If you're looking for people with cool job titles, try Jillian Hinchliffe. The lucky lady works at the Lilly Library, where her enviable title is curator of puzzles. At this morning's Mini University session, she introduced us to the library's extensive puzzle collection, which contains everything from Rubik's cubes to interlocking magician rings.
After a brief overview of the collection, Hinchliffe narrowed her focus, discussing the use of puzzles as an advertising technique throughout history. We also looked at puzzles with political messages and wartime themes, then had time to play with a few puzzles. It was a fascinating session, but I think the most fascinating thing is that this person actually gets paid to play with puzzles and curate exhibits about brainteasers.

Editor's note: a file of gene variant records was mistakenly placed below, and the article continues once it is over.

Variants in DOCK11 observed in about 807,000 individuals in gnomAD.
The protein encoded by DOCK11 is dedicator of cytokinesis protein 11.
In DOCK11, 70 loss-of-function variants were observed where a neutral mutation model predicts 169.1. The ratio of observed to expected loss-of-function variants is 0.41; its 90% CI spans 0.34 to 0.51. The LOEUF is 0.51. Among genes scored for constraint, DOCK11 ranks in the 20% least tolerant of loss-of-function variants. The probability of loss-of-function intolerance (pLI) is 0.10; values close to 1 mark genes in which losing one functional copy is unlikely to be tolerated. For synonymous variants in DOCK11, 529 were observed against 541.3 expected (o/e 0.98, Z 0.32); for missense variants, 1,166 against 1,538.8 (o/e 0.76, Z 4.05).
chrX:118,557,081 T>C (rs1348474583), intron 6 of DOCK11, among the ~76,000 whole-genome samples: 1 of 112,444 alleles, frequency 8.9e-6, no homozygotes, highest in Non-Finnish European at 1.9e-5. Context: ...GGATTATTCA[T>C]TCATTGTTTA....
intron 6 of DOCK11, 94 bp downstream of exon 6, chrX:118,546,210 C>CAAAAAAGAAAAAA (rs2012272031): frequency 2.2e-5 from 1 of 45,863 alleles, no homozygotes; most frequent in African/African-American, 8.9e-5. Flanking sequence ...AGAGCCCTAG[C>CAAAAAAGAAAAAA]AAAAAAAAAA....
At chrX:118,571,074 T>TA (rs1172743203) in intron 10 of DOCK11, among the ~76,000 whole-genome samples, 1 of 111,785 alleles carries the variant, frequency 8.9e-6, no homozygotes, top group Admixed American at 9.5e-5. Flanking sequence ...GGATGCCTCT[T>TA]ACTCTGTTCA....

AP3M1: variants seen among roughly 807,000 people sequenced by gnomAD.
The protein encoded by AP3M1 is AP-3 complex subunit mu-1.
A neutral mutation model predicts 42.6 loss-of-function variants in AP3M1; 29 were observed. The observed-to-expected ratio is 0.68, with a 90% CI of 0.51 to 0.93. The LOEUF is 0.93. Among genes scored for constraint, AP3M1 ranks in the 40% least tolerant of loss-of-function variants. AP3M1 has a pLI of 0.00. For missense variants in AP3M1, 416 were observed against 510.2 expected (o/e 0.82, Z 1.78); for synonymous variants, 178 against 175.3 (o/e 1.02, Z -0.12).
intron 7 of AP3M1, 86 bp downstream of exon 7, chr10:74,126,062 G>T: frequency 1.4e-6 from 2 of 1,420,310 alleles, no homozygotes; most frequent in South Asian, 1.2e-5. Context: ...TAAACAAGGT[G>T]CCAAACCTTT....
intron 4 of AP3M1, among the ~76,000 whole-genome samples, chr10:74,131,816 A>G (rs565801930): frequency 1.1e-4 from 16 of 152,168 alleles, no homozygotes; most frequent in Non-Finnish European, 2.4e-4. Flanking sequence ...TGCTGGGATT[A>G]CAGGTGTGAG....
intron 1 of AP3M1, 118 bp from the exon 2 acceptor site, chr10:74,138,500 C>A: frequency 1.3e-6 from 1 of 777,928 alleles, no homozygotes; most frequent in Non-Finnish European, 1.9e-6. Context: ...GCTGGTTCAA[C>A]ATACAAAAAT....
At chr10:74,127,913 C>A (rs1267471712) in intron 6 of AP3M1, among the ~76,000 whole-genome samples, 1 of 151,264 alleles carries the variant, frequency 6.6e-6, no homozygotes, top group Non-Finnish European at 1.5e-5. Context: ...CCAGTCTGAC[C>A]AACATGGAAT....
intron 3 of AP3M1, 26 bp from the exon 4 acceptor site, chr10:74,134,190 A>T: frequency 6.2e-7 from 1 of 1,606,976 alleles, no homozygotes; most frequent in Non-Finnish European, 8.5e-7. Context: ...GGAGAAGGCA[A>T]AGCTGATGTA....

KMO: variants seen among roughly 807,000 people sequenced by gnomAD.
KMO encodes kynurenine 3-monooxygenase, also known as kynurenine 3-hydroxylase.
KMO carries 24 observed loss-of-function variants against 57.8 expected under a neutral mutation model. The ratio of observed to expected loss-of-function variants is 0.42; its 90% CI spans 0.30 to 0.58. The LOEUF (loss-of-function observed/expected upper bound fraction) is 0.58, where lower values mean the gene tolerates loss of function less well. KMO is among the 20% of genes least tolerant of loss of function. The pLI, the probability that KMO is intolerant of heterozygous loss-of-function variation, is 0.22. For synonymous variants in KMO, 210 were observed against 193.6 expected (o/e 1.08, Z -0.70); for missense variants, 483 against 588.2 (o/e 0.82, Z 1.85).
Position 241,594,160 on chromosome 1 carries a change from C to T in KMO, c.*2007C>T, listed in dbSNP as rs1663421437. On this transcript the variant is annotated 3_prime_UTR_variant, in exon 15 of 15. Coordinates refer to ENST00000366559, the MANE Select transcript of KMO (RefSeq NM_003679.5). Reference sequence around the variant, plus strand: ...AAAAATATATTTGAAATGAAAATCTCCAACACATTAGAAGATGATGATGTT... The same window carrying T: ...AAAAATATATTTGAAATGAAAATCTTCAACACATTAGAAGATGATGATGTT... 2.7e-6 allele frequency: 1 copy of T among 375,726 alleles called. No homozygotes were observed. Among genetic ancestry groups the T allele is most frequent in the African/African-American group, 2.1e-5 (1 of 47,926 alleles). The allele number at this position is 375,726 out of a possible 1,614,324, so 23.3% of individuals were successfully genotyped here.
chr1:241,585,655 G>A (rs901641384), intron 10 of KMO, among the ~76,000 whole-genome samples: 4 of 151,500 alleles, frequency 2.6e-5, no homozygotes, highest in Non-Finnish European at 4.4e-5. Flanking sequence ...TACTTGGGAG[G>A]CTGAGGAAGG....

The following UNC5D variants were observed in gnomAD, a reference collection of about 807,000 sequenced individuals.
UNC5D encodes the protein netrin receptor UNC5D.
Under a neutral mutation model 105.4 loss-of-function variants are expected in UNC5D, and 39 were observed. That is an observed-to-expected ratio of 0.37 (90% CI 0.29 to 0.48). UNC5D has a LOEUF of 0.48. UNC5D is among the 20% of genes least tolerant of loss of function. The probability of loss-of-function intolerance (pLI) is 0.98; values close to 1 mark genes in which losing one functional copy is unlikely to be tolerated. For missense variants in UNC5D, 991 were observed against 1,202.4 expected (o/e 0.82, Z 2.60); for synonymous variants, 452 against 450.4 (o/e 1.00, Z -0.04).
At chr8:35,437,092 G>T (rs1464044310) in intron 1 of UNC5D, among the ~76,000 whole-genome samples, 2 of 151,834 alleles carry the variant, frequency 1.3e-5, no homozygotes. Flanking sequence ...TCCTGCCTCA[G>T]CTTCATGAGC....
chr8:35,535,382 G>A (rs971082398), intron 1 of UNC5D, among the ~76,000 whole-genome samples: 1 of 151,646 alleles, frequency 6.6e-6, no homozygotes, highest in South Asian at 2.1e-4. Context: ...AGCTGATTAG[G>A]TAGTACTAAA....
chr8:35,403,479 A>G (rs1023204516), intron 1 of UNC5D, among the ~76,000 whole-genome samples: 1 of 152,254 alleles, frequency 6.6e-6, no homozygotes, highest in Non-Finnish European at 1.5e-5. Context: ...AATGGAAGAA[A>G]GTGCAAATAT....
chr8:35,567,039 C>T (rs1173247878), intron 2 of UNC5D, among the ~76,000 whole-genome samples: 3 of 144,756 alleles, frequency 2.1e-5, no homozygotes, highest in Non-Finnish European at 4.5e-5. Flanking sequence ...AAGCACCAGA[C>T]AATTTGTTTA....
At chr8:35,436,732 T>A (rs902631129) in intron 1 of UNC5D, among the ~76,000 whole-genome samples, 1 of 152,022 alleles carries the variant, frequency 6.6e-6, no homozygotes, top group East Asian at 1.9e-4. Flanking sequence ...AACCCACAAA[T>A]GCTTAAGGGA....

My next session of the day was a more serious topic: "The Impact of Race and Gender on News Coverage of Political Candidates," with journalism professor Lesa Hatley Major. No surprises here: Research shows that journalists inadvertently perpetuate race and gender stereotypes by covering stories and framing issues in certain ways. We had a pretty vigorous debate, especially about the coverage of Hillary Clinton's presidential campaign.
Next up was a session called "X Marks the Spot: The Archaeology of Piracy." This class focused on IU's recent excavation of Captain Kidd's pirate ship, discovered off the coast of the Dominican Republic. We learned about the captain (who wasn't actually a pirate at all, but who was convicted of piracy in a trumped-up trial). And, we learned about the researchers' efforts to turn the wreck into a conservation area and permanent dive site.
Today's sessions offered a good mix of the serious and the light-hearted, and I'm hoping for the same tomorrow. My schedule includes classes on old-world diseases in the new world, religion and sex in America, and "star cities" of the Milky Way.